The 7.39 (2014) 720p

Movie Poster
The 7.39 (2014) - Movie Poster
Drama | Romance
Frame Rate:
23.976 fps
English 2.0  
Run Time:
59 min
IMDB Rating:
7 / 10 
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Movie Description:
After fighting for a seat on their morning commute, Sally and Carl begin talking and suddenly their daily train journey becomes a lot more interesting. Carl is happily married, Sally's engaged - where's the harm? Yet they find themselves increasingly drawn to each other, and as their friendship grows to flirtation they refuse to admit - to each other or themselves - that a line might be crossed. The consequences of discovery will be life-changing, catastrophic perhaps, and yet they can't help falling in love. A romantic drama for grown-ups, The 7.39 is charged, funny, moving and sexy.


  • The 7.39 (2014) - Movie Scene 1
  • The 7.39 (2014) - Movie Scene 2
  • The 7.39 (2014) - Movie Scene 1

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Sometimes the quarrels are the game changer in the life.

A British television movie, splits into two parts of each 60 minutes long. From the writer of 'One Day' who once again wrote a beautiful screenplay. Portrayal of the romantic drama from the perspective of the middle-aged people. Indeed, specially made movie for them, it explores the midlife crises in the marriage and spiritless mechanical life that follows the day after the day. Now, you guys have to switch your mind to google map mode: The story told between the two points of life's map, one is where the home and the family is, dot, and the other one is an office and the job, dot. To describe it mathematically, between these points there comes a line which is practically a boring journey.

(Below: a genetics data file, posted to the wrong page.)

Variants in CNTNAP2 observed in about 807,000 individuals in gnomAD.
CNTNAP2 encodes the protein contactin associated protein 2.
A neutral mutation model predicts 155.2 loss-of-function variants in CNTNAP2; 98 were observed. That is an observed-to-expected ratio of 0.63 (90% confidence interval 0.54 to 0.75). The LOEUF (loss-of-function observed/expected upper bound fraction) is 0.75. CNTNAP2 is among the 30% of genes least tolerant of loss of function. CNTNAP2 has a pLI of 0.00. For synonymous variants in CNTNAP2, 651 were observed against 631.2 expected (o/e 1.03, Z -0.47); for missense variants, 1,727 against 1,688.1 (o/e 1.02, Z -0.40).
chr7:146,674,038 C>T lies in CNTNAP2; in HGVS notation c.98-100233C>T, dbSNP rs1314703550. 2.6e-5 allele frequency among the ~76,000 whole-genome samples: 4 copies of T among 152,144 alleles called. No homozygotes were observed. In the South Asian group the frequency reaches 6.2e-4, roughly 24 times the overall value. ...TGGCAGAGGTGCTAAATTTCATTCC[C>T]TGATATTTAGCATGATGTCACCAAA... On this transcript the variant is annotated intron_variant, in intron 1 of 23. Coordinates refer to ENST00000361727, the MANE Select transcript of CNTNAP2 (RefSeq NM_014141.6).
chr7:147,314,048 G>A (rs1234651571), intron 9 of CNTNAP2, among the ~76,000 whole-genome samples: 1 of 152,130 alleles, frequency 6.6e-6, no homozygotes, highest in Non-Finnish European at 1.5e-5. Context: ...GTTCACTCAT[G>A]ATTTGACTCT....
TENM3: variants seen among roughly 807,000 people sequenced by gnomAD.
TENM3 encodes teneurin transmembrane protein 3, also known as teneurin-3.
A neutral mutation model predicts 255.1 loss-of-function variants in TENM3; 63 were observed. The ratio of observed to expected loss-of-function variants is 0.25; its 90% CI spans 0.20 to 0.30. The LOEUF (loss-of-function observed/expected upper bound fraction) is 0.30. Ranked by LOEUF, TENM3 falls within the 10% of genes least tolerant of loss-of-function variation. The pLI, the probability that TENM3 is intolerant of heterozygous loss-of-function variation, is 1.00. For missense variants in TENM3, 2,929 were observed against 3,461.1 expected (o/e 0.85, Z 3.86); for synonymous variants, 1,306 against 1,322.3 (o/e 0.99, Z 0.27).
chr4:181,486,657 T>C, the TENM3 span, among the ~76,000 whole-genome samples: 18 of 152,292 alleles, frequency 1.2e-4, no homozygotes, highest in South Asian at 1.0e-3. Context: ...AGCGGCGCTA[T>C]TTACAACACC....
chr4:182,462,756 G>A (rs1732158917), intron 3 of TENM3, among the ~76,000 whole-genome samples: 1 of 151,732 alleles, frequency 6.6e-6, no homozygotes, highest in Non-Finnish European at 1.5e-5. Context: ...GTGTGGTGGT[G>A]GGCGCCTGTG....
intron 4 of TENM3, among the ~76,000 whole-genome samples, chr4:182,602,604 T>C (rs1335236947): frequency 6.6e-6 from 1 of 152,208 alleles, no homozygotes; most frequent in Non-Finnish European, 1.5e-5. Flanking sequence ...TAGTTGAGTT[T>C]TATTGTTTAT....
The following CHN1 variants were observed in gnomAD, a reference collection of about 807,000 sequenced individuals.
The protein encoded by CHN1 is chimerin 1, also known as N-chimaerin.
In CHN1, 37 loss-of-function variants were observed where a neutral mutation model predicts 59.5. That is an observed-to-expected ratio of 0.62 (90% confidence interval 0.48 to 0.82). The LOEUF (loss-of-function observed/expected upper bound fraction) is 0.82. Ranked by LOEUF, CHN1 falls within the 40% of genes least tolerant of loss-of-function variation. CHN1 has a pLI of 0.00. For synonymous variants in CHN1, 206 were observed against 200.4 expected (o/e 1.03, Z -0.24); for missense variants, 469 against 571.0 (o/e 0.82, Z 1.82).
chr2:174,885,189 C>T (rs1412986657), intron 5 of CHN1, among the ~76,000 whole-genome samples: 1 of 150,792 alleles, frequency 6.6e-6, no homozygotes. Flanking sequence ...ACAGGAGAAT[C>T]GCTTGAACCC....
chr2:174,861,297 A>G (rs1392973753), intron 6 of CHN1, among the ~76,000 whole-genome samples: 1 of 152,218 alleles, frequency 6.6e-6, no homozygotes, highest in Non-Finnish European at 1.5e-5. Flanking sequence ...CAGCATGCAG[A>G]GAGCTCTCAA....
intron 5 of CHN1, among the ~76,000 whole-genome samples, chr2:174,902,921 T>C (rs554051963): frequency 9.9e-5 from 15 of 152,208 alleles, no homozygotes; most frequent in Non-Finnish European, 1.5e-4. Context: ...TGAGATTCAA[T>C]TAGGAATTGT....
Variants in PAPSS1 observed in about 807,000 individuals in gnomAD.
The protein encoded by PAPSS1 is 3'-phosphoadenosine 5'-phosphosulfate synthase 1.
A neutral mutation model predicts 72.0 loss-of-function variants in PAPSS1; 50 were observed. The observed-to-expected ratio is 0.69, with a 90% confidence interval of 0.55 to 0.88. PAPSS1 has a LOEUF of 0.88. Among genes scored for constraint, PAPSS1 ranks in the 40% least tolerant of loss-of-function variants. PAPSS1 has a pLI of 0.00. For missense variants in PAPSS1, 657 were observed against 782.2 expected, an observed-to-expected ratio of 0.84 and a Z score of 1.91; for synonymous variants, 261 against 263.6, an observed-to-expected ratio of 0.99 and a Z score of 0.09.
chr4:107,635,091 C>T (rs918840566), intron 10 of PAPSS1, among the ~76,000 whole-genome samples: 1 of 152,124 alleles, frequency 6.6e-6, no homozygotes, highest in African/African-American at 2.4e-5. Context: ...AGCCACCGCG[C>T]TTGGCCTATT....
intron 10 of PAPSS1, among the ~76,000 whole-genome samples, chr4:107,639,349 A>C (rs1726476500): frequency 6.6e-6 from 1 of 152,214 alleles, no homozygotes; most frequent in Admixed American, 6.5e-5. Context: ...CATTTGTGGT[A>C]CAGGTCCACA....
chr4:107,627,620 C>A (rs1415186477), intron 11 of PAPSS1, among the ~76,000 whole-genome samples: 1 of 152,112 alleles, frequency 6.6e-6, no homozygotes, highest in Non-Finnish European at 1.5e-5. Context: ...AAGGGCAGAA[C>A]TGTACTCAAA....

The majority won't enjoy leaving home for the work, especially on the Monday morning. The bad day begins with shouting for someone who come across your car front, or fight for a seat in the train and bus. The same way this story appear to have a life where two odd people meet. Carl married with two children and Sally engaged to marry soon. So the days follow everything changes and the journey turns more cheerful than ever. Their little friendship ends in flirtation, but well realising they won't accept the truth. Can they remain good friends, or ready to face the consequences and how their families affect by this is the rest of the riddle.

It just seems... Futile.

After seeing the first quarter of the movie, it reminded me James Siegel's 'Derailed'. I thought I was an inch closer to predict the second part, but the story was smartly moved to the other way. An interesting story development followed further going towards the end of the first half. In the second part, everything slowdowns, but still gripping because it was a crucial stage in the storytelling to solve the puzzle that created in the earlier. Not an over melodramatic or the sexual exploration, but the point is very clear to give us a fair bit amount of everything with the realistic outlook as much possible.